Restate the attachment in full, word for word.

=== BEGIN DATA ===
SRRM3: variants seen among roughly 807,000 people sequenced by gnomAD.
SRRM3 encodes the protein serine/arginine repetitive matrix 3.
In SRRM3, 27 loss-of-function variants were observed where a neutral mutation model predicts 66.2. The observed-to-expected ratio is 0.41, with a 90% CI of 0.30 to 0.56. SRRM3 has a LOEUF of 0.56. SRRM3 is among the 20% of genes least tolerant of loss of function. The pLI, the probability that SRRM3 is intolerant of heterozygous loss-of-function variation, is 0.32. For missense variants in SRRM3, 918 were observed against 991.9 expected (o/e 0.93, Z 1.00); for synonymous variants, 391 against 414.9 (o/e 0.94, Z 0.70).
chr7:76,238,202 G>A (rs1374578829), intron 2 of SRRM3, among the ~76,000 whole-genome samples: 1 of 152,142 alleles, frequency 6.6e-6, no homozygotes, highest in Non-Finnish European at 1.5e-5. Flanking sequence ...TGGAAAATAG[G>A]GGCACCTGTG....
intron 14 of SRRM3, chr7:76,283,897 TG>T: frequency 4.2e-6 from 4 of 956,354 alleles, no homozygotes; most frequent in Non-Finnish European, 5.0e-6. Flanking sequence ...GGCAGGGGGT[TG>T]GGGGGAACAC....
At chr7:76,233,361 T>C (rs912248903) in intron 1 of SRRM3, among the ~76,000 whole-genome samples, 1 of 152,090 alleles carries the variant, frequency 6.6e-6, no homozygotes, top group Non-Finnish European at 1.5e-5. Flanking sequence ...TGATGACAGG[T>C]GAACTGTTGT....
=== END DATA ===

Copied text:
SRRM3: variants seen among roughly 807,000 people sequenced by gnomAD.
SRRM3 encodes the protein serine/arginine repetitive matrix 3.
In SRRM3, 27 loss-of-function variants were observed where a neutral mutation model predicts 66.2. The observed-to-expected ratio is 0.41, with a 90% CI of 0.30 to 0.56. SRRM3 has a LOEUF of 0.56. SRRM3 is among the 20% of genes least tolerant of loss of function. The pLI, the probability that SRRM3 is intolerant of heterozygous loss-of-function variation, is 0.32. For missense variants in SRRM3, 918 were observed against 991.9 expected (o/e 0.93, Z 1.00); for synonymous variants, 391 against 414.9 (o/e 0.94, Z 0.70).
chr7:76,238,202 G>A (rs1374578829), intron 2 of SRRM3, among the ~76,000 whole-genome samples: 1 of 152,142 alleles, frequency 6.6e-6, no homozygotes, highest in Non-Finnish European at 1.5e-5. Flanking sequence ...TGGAAAATAG[G>A]GGCACCTGTG....
intron 14 of SRRM3, chr7:76,283,897 TG>T: frequency 4.2e-6 from 4 of 956,354 alleles, no homozygotes; most frequent in Non-Finnish European, 5.0e-6. Flanking sequence ...GGCAGGGGGT[TG>T]GGGGGAACAC....
At chr7:76,233,361 T>C (rs912248903) in intron 1 of SRRM3, among the ~76,000 whole-genome samples, 1 of 152,090 alleles carries the variant, frequency 6.6e-6, no homozygotes, top group Non-Finnish European at 1.5e-5. Flanking sequence ...TGATGACAGG[T>C]GAACTGTTGT....